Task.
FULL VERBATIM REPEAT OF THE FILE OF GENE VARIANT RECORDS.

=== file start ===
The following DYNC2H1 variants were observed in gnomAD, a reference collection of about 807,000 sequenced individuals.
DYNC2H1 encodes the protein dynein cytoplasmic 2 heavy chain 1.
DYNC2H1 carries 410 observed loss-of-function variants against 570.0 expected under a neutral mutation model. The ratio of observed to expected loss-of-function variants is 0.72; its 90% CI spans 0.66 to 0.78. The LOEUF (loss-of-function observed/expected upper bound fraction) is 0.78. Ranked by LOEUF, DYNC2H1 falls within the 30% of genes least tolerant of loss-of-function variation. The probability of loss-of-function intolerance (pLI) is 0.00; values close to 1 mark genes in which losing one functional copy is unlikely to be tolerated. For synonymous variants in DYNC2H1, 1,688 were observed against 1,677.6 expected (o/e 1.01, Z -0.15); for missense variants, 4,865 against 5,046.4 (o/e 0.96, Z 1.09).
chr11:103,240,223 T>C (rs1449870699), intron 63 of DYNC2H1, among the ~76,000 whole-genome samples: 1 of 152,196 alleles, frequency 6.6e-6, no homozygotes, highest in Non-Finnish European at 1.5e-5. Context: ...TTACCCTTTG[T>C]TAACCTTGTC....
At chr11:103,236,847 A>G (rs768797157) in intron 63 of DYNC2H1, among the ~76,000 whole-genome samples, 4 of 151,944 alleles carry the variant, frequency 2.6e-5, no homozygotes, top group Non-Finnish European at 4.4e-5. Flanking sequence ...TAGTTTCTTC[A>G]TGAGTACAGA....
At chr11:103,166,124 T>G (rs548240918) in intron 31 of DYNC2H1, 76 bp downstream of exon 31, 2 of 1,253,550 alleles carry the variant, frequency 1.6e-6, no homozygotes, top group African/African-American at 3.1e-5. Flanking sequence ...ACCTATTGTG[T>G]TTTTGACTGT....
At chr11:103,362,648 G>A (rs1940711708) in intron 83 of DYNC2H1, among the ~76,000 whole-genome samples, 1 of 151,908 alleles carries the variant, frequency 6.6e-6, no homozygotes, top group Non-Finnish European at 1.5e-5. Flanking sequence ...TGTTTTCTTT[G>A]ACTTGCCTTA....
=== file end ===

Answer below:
The following DYNC2H1 variants were observed in gnomAD, a reference collection of about 807,000 sequenced individuals.
DYNC2H1 encodes the protein dynein cytoplasmic 2 heavy chain 1.
DYNC2H1 carries 410 observed loss-of-function variants against 570.0 expected under a neutral mutation model. The ratio of observed to expected loss-of-function variants is 0.72; its 90% CI spans 0.66 to 0.78. The LOEUF (loss-of-function observed/expected upper bound fraction) is 0.78. Ranked by LOEUF, DYNC2H1 falls within the 30% of genes least tolerant of loss-of-function variation. The probability of loss-of-function intolerance (pLI) is 0.00; values close to 1 mark genes in which losing one functional copy is unlikely to be tolerated. For synonymous variants in DYNC2H1, 1,688 were observed against 1,677.6 expected (o/e 1.01, Z -0.15); for missense variants, 4,865 against 5,046.4 (o/e 0.96, Z 1.09).
chr11:103,240,223 T>C (rs1449870699), intron 63 of DYNC2H1, among the ~76,000 whole-genome samples: 1 of 152,196 alleles, frequency 6.6e-6, no homozygotes, highest in Non-Finnish European at 1.5e-5. Context: ...TTACCCTTTG[T>C]TAACCTTGTC....
At chr11:103,236,847 A>G (rs768797157) in intron 63 of DYNC2H1, among the ~76,000 whole-genome samples, 4 of 151,944 alleles carry the variant, frequency 2.6e-5, no homozygotes, top group Non-Finnish European at 4.4e-5. Flanking sequence ...TAGTTTCTTC[A>G]TGAGTACAGA....
At chr11:103,166,124 T>G (rs548240918) in intron 31 of DYNC2H1, 76 bp downstream of exon 31, 2 of 1,253,550 alleles carry the variant, frequency 1.6e-6, no homozygotes, top group African/African-American at 3.1e-5. Flanking sequence ...ACCTATTGTG[T>G]TTTTGACTGT....
At chr11:103,362,648 G>A (rs1940711708) in intron 83 of DYNC2H1, among the ~76,000 whole-genome samples, 1 of 151,908 alleles carries the variant, frequency 6.6e-6, no homozygotes, top group Non-Finnish European at 1.5e-5. Flanking sequence ...TGTTTTCTTT[G>A]ACTTGCCTTA....